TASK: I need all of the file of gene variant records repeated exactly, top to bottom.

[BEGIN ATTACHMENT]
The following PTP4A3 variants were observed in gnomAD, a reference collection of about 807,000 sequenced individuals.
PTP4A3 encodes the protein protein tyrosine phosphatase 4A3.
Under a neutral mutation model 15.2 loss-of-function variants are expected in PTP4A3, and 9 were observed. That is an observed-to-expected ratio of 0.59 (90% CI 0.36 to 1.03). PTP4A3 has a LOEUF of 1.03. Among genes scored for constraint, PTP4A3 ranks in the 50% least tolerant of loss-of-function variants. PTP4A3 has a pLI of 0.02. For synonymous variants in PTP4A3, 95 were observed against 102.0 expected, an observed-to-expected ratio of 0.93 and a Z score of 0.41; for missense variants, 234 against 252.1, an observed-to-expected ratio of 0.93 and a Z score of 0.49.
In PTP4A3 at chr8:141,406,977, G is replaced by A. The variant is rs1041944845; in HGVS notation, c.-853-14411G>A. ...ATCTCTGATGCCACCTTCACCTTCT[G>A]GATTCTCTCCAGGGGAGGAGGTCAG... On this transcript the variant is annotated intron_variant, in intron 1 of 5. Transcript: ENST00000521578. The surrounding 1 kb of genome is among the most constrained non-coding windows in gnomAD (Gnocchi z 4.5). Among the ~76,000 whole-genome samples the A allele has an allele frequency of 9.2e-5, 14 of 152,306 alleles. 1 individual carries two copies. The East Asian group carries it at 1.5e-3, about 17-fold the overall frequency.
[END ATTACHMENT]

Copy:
The following PTP4A3 variants were observed in gnomAD, a reference collection of about 807,000 sequenced individuals.
PTP4A3 encodes the protein protein tyrosine phosphatase 4A3.
Under a neutral mutation model 15.2 loss-of-function variants are expected in PTP4A3, and 9 were observed. That is an observed-to-expected ratio of 0.59 (90% CI 0.36 to 1.03). PTP4A3 has a LOEUF of 1.03. Among genes scored for constraint, PTP4A3 ranks in the 50% least tolerant of loss-of-function variants. PTP4A3 has a pLI of 0.02. For synonymous variants in PTP4A3, 95 were observed against 102.0 expected, an observed-to-expected ratio of 0.93 and a Z score of 0.41; for missense variants, 234 against 252.1, an observed-to-expected ratio of 0.93 and a Z score of 0.49.
In PTP4A3 at chr8:141,406,977, G is replaced by A. The variant is rs1041944845; in HGVS notation, c.-853-14411G>A. ...ATCTCTGATGCCACCTTCACCTTCT[G>A]GATTCTCTCCAGGGGAGGAGGTCAG... On this transcript the variant is annotated intron_variant, in intron 1 of 5. Transcript: ENST00000521578. The surrounding 1 kb of genome is among the most constrained non-coding windows in gnomAD (Gnocchi z 4.5). Among the ~76,000 whole-genome samples the A allele has an allele frequency of 9.2e-5, 14 of 152,306 alleles. 1 individual carries two copies. The East Asian group carries it at 1.5e-3, about 17-fold the overall frequency.